Also on the fruit front, our Rocky Ford cantaloupes, grown in the Eastern Plains, stun with bright flavor and pleasing texture.

Another hidden gem: chiles. I knew zippo about Colorado’s Pueblo chiles before moving here. Nobody really does, unless they’ve lived in the state. The chile peppers grown around the southern Colorado city of Pueblo, the Mosco variety, come on fiery and flavorful.

As a former New Mexican, I know my way around chile peppers. They are everywhere in the Land of Enchantment. Green chile in New Mexico is a thick sauce involving onions, garlic, possibly cumin and oregano. It’s bound together with a roux. Colorado’s rendition, which when done properly showcases hot Pueblo chiles, incorporates pork and tomatoes. Sometimes potatoes and even beans. It’s more a stew than a sauce.

It can be wonderful, and you’ll find it in Denver and elsewhere in the state.

One of Colorado’s strengths is its bounty of staples like potatoes, beans and wheat grown by farmers practicing regenerative and organic agriculture. While none of these things exactly scream regional cuisine, they are contributing mightily towards Colorado’s maturing culinary identity.

Grains like wheat and barley, for example, enliven some of the nationally prized local beers the Keystone State guy trumpeted. Colorado’s many award-winning distilleries, too, routinely turn to the state’s grains.

Ingredients like these also get tapped by Colorado’s many CPG brands. This farmer-brand two-step is due, in part, to the Colorado Grain Chain, an effort started in 2019 that brought together CPGs, restaurants and other culinary artisans with grain-growing farmers. The union invited a strong supply chain to develop, one advantageous to farmers and the people and companies in the state crafting gorgeous food products.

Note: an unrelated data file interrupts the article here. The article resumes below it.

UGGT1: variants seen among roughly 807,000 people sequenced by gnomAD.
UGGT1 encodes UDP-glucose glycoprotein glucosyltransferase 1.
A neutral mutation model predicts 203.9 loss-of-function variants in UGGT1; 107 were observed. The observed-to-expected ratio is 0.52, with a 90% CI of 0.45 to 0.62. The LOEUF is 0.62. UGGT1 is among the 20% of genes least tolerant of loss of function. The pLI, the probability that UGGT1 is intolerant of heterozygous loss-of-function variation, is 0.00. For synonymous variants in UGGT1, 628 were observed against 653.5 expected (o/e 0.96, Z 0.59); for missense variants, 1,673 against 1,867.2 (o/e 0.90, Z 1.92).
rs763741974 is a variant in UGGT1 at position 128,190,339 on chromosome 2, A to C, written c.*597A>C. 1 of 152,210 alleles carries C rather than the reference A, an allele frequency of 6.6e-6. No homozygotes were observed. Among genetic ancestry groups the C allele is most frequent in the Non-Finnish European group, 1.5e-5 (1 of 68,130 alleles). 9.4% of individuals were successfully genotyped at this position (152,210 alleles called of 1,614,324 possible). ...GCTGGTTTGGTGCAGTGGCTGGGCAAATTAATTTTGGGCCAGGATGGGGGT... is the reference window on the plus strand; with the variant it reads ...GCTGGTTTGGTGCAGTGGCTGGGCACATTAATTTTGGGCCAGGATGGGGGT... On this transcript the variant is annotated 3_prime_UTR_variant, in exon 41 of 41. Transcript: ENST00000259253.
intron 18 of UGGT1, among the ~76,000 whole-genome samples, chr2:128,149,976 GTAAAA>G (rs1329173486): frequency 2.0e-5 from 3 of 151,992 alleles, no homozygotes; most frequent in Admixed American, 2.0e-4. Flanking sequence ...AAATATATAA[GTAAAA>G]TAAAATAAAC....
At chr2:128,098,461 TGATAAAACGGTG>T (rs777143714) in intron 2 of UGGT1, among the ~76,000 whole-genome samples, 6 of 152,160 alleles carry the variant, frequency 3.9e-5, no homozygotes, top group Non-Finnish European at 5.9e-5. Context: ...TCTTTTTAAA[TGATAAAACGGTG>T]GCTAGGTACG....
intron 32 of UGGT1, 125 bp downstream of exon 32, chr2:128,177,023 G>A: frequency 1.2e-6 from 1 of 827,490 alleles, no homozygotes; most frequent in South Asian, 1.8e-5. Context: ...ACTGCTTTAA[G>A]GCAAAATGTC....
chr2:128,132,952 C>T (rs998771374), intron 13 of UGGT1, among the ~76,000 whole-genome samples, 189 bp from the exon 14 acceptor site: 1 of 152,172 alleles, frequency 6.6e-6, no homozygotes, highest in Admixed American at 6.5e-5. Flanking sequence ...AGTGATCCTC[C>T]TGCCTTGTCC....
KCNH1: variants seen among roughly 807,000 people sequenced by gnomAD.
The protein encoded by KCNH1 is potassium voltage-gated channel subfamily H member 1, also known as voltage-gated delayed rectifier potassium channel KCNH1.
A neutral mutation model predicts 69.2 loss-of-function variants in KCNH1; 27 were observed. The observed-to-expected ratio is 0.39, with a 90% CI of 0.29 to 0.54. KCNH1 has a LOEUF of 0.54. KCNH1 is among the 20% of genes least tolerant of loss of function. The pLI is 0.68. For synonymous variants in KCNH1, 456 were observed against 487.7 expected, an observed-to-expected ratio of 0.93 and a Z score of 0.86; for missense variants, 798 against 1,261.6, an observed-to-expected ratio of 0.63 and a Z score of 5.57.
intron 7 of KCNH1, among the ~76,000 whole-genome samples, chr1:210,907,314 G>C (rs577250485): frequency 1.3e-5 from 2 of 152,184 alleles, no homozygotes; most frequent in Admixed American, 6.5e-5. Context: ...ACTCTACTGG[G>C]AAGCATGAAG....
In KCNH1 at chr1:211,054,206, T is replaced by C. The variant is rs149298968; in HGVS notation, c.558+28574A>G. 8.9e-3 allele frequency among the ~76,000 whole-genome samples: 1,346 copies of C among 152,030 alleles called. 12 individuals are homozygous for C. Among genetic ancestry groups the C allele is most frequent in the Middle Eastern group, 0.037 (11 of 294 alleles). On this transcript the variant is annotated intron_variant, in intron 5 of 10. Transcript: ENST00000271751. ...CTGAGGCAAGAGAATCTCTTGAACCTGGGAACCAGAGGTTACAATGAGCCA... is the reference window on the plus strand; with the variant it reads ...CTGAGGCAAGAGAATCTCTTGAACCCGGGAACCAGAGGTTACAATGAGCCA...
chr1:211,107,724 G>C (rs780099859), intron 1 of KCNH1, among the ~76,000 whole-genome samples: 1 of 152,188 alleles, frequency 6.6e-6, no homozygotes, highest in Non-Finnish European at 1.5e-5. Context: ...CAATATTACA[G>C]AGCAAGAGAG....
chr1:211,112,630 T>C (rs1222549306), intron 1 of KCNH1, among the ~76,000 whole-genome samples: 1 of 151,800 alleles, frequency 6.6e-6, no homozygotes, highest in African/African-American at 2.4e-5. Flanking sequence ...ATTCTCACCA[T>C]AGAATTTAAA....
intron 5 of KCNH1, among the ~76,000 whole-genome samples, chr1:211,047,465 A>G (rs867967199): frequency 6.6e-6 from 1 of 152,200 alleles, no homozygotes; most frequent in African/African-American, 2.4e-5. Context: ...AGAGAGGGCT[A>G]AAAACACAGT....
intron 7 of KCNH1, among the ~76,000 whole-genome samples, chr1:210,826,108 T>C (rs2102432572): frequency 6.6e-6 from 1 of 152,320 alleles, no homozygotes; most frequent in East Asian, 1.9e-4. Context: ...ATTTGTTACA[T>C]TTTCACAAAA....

Three Colorado Grain Chain leaders—Eric Skokan, the owner of Black Cat Farm and Bramble & Hare restaurant, which recently won a Michelin Green Star; Kelly Whitaker, a star chef who this year won Restaurateur of the Year by the James Beard Foundation; and Claudia Bouvier, owner of Pastaficio Pasta—are slated to speak at Newtopia Now.

Enjoy their conversation in August. And for those heading to Denver for the big show, welcome to culinary Colorado! Eat your weight in green chile, Palisade peaches and Rocky Ford cantaloupe. Savor every sip of that Western Slope cherry sour beer, of the neat glass of Spirit Hound’s straight malt whiskey, which judges at the prestigious London Spirits Competition in 2022 and 2024 awarded as Whisky of the Year. Side note: One of the Spirit Hound owners also owns a natural and organic products retail store in the fetching Colorado town of Lyons.

Before you begin eating your way across the Mile High City or the Centennial State, a few suggestions.

  • Never order something called “Colorado pizza.” The style involves a thick, braided, whole-wheat crust flooded with honey. The tomato sauce is sweet.

  • Rocky Mountain oysters, which always get included in roundups of Colorado food by national media and bloggers, is deep-fried bulls’ testicles. Those who eat them, for the most part, are tourists noshing away in the service of winning a bet. The dish does not belong in the canon of Colorado food.

You’re welcome.

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Eric Skokan, the owner of Black Cat Farm and Bramble & Hare restaurant; Kelly Whitaker, a star chef who this year won Restaurateur of the Year by the James Beard Foundation; and Claudia Bouvier, owner of Pastaficio Pasta, all are scheduled to be panelist at The Flavors of Regenerative: Culinary All-Stars Share Insights into the Future of Food Service session at 11:45 a.m. Tuesday, Aug. 27, at Newtopia Now. For more information, visit the Event Experience page.

About the Author(s)

Douglas Brown

Senior Retail Reporter, New Hope Network